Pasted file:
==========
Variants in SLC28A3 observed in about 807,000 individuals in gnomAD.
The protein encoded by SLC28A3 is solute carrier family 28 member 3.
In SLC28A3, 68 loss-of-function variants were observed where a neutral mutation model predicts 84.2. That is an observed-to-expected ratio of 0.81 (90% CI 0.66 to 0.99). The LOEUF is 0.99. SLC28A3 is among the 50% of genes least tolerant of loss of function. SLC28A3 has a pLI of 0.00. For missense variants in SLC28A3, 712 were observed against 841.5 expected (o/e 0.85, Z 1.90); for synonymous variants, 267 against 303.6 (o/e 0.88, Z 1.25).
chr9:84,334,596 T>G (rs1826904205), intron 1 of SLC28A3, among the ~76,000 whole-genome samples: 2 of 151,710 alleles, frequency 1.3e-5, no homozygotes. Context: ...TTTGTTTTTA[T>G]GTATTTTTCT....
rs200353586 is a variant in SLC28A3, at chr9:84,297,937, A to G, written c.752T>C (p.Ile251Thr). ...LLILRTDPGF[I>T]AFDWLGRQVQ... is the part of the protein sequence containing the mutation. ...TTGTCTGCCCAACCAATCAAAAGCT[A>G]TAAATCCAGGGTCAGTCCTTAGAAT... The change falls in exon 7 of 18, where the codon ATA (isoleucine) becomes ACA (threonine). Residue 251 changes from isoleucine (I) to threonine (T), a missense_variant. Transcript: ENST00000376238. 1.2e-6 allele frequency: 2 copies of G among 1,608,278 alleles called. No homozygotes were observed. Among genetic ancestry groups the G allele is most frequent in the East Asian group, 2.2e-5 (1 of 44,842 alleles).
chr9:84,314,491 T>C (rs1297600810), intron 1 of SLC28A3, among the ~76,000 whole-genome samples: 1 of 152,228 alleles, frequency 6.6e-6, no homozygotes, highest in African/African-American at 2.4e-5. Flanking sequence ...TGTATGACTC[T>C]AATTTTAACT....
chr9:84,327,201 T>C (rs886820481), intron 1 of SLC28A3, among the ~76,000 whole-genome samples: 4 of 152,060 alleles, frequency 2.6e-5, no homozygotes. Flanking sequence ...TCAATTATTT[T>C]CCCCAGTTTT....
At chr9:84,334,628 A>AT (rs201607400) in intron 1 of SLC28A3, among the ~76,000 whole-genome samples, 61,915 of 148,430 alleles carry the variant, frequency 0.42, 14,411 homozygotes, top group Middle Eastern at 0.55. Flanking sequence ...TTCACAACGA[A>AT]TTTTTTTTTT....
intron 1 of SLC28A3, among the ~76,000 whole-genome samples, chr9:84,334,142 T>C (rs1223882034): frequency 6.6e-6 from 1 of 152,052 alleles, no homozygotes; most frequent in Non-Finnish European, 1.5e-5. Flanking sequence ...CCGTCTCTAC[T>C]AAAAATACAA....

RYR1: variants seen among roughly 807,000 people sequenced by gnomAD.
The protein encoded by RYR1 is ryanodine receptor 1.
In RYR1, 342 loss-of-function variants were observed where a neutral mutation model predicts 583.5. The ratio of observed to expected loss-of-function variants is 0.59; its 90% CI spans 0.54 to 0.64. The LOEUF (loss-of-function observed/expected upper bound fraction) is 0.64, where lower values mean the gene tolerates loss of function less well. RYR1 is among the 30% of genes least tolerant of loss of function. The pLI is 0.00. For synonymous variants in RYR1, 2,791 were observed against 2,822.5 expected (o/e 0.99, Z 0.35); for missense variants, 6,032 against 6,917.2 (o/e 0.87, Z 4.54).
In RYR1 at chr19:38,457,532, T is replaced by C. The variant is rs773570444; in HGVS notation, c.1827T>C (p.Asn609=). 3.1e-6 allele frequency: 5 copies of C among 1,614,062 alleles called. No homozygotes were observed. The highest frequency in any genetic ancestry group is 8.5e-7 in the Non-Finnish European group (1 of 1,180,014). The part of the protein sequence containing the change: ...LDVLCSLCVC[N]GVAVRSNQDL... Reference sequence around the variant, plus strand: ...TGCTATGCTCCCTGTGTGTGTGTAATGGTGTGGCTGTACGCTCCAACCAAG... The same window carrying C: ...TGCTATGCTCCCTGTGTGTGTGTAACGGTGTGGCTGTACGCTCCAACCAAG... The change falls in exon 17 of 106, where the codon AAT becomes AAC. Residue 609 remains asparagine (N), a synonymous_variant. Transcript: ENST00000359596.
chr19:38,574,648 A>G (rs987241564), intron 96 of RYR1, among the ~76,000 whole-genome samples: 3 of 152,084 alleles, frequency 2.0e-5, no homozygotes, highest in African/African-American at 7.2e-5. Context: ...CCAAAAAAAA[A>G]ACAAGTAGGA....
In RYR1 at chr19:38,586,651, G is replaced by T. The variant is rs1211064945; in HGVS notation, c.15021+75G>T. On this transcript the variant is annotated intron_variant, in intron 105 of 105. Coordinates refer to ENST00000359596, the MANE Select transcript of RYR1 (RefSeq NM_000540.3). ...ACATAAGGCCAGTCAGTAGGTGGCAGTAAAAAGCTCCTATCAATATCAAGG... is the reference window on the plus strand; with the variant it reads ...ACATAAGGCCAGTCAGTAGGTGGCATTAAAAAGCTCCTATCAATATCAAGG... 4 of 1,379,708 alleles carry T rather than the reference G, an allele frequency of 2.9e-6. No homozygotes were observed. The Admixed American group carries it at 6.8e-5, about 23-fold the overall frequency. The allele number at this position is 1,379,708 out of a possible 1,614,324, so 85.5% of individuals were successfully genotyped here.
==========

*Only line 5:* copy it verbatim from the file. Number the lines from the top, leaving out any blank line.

rs200353586 is a variant in SLC28A3, at chr9:84,297,937, A to G, written c.752T>C (p.Ile251Thr). ...LLILRTDPGF[I>T]AFDWLGRQVQ... is the part of the protein sequence containing the mutation. ...TTGTCTGCCCAACCAATCAAAAGCT[A>G]TAAATCCAGGGTCAGTCCTTAGAAT... The change falls in exon 7 of 18, where the codon ATA (isoleucine) becomes ACA (threonine). Residue 251 changes from isoleucine (I) to threonine (T), a missense_variant. Transcript: ENST00000376238. 1.2e-6 allele frequency: 2 copies of G among 1,608,278 alleles called. No homozygotes were observed. Among genetic ancestry groups the G allele is most frequent in the East Asian group, 2.2e-5 (1 of 44,842 alleles).